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Tag Archives: Ex-WoF

SEE PART 1 HERE

As the spring turned into the summer of 1990, I continued to ponder what precisely was accurate about charismatic teaching. I had, however, noticed a trend: charismatics were every bit as PC as everybody else, only they thought they weren’t. Three issues still occupied my mind: Word-Faith views, the lordship controversy, and eternal security. I was torn on the first, settled strongly on the second, and somewhat settled on the third, having traded in my more Pelagian colors for semi-Calvinistic threads.

I mentioned earlier that I read MacArthur’s book regarding the lordship controversy. In the spring of 1990, his radio show began airing on our local AM station. The broader-reaching FM station added him in the fall, and now it was possible to hear John preach without that interference noise I get when listening to the Cincinnati Reds on WCKY when I’m in Omaha. Because of Mac’s book, I got on his mailing list, which became important when I began receiving his ministry’s magazine, “Masterpiece.” It was quite the glossy little thing, complete with articles, items for sale, and book reviews. In the first one I got, the book reviewed a new tome called “The Agony of Deceit.” This was a polemic written by about a dozen authors criticizing the Faith movement (for the most part). The review was mostly positive, with two negatives: 1) it noted that everyone criticized in the book was a charismatic; and 2) it felt the book was too overly negative and implied that no televangelist had ever succeeded without appealing to common desires.

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I understood the gospel call on November 30, 1987. I was raised a Southern Baptist but never before had the truth of God penetrated my heart. It is unfortunate, however, that the SBC’s emphasis on getting everybody saved – to the exclusion of everything else – led to a stunted upbringing in theological education. Nor was anything about personal relationship really discussed. The emphasis was on believe. In all seriousness, it sounded like Zane Hodges was the source of all things SBC back in the 1980s. That is not to libel him but to simply give you a point of reference.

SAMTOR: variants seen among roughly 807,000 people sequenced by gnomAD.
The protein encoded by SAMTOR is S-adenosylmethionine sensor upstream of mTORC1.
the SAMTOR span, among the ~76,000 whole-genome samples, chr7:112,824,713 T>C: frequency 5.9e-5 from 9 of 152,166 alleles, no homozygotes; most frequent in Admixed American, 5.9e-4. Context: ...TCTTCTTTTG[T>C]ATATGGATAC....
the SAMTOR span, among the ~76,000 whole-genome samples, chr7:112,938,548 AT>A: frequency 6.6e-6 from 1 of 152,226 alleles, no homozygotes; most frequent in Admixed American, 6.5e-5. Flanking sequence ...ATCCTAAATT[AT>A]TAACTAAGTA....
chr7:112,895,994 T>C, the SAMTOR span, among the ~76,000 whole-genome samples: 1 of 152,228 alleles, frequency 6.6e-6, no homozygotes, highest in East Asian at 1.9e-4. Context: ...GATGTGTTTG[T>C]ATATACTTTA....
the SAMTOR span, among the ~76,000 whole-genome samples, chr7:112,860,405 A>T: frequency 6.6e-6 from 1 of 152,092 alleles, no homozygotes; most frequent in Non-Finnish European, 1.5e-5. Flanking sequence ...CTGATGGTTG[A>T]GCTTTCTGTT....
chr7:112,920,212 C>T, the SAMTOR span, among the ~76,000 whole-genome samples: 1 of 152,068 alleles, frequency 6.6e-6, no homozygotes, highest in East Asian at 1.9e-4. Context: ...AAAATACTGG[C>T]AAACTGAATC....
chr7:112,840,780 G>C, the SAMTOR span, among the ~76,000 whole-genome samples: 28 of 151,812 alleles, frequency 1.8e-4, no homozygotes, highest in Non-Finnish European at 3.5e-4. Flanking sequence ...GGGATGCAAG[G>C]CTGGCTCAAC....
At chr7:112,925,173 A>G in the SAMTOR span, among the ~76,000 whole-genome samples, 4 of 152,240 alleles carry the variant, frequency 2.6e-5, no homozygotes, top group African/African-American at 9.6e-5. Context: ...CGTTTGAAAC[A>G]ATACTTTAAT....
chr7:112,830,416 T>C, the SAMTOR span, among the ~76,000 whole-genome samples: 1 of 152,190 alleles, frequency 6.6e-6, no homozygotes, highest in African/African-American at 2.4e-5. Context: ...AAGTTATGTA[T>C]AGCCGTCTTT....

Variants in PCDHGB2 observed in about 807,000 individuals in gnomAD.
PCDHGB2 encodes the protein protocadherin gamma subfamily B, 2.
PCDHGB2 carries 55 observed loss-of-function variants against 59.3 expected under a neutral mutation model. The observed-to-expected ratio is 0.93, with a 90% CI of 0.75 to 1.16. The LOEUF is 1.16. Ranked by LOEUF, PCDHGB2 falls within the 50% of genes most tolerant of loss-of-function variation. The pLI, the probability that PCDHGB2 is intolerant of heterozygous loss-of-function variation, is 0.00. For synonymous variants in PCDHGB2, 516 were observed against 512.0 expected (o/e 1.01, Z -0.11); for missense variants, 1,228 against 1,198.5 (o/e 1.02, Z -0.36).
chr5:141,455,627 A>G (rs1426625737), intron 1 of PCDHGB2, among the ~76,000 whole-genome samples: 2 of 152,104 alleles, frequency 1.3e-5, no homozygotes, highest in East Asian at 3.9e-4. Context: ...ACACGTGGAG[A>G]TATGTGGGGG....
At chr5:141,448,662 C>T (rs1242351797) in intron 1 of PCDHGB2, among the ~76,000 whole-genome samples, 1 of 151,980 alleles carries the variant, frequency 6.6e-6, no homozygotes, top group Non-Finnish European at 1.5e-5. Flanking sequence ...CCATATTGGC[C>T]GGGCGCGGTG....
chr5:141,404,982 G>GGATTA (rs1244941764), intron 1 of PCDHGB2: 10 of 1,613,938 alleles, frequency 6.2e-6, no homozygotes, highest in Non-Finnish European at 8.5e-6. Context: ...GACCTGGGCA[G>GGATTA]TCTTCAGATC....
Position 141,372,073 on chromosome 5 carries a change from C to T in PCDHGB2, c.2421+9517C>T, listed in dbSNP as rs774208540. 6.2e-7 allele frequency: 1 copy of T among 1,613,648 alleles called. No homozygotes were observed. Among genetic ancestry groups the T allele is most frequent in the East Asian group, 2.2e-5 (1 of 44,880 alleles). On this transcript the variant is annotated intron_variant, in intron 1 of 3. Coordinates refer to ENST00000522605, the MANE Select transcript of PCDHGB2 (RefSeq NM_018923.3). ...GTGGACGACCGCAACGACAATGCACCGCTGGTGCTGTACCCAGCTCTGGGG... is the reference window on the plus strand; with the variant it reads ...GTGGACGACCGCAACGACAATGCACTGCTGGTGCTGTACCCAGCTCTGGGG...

Upon salvation I turned my back upon everything I’d ever been told. If I couldn’t find it in the Bible, it wasn’t true. Immediately, I rejected eternal security – quite viciously, actually. I knew only two things from the ten years I’d spent in the Baptist church. I needed to believe to be saved, and I could never lose it no matter what I did afterward. A decade in church and that’s ALL I ever learned doctrinally. Well, I did learn that Jesus said, “Thou shalt not drink” and gave a whole list of behavioral requirements to get into Heaven. I also learned that you couldn’t work your way to heaven and yet they’d shame you into doing work at church as if you were the unfaithful servant who buried his gift.

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I was Wof in Tulsa for almost 13 years. I must admit during that time I probably grew in many areas of my spiritual life more than I had up to that point, but I also must admit that I was also becoming a bigger and bigger ‘flake’ in many areas, too. Each time I’ve given a portion of this testimony, the Wof will say that I was not really Wof during this period of my life. I can only say that with all the honesty I can muster that I was as sincere in my Wof beliefs as I knew to be. I studied under some of the “greats”; Billy Joe Daugherty, Ken Cope, Jerry Seville, Fred Price, Buddy Harrison, Ken Hagin, Capps, and a cast of many more. In fact, we were members of Beverly Hills Baptist in Dallas during the ‘hay days’ of Howard Conaster. I knew the Wof scriptures and I lived them. I realized, however that even though we were ‘believing’, confessing, giving, and serving in the Wof way, our lives were no more blessed or miraculous than some of our Baptist friends. Our group was getting sick, losing jobs, divorcing, and having trials just like the Baptists we knew. Then joy of joys…..my dear wife got pregnant with our second child after three miscarriages! We confessed and praised over the blessing ( we never said a word about the miscarriages – that would have been a bad confession and an admission that we were not living the victorious life we said we were ). Our baby was born big and healthy just like we and the Wof church we attended had confessed. Eighteen hours later, he was gone. There we were alone in the hospital wondering why. After my wife was able to come home we began the process of laying our boy to rest and went to our church and talked with the assoc pastor. During our talk we asked him the question on our hearts….why ? That’s when he went through a number of scriptures to show that we must have allowed satan in with either unbelief, sin, or bad confessions. Since I knew my heart better than him, I knew that I had done the best I could have and it “didn’t work” ! From that day we became more sensitive to the Wof insensitivity towards the pain and suffering around them.

I “stumbled” into a fine Baptist church right there in our neighborhood that we began to worship in. I was amazed at the topics that were emphasized that were never mentioned in the Wof circles we traveled in. Topics such as discipleship, and a daily quiet time. We still have several friends from that time that are Wof. One now suffers from a painful nerve condition that he says he’s healed of. Most of the others have divorced or they are Wof/Christians by association only. The biggest regret from my exposure to Wof was the smug I’m-more-spiritual-than-thou attitude I carried for many years after leaving Wof. I’m certain I hurt many dear people’s feelings during the time after leaving the Wof sect.